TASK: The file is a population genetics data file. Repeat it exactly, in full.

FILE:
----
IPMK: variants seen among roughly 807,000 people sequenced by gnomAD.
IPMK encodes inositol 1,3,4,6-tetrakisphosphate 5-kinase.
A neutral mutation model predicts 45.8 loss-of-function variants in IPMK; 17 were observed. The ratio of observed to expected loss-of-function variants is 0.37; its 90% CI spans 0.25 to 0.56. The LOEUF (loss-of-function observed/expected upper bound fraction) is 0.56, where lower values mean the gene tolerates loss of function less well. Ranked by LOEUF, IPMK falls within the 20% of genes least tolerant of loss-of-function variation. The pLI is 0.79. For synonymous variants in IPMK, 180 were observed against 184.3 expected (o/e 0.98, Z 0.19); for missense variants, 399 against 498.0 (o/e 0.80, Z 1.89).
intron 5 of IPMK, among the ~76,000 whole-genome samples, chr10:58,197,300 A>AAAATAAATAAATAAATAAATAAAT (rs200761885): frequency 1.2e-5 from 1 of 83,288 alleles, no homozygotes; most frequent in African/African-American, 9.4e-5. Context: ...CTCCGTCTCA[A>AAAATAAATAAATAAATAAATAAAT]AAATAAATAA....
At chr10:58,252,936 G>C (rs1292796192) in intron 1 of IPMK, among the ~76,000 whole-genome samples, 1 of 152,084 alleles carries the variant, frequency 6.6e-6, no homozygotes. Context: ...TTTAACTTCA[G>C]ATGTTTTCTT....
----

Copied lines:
IPMK: variants seen among roughly 807,000 people sequenced by gnomAD.
IPMK encodes inositol 1,3,4,6-tetrakisphosphate 5-kinase.
A neutral mutation model predicts 45.8 loss-of-function variants in IPMK; 17 were observed. The ratio of observed to expected loss-of-function variants is 0.37; its 90% CI spans 0.25 to 0.56. The LOEUF (loss-of-function observed/expected upper bound fraction) is 0.56, where lower values mean the gene tolerates loss of function less well. Ranked by LOEUF, IPMK falls within the 20% of genes least tolerant of loss-of-function variation. The pLI is 0.79. For synonymous variants in IPMK, 180 were observed against 184.3 expected (o/e 0.98, Z 0.19); for missense variants, 399 against 498.0 (o/e 0.80, Z 1.89).
intron 5 of IPMK, among the ~76,000 whole-genome samples, chr10:58,197,300 A>AAAATAAATAAATAAATAAATAAAT (rs200761885): frequency 1.2e-5 from 1 of 83,288 alleles, no homozygotes; most frequent in African/African-American, 9.4e-5. Context: ...CTCCGTCTCA[A>AAAATAAATAAATAAATAAATAAAT]AAATAAATAA....
At chr10:58,252,936 G>C (rs1292796192) in intron 1 of IPMK, among the ~76,000 whole-genome samples, 1 of 152,084 alleles carries the variant, frequency 6.6e-6, no homozygotes. Context: ...TTTAACTTCA[G>C]ATGTTTTCTT....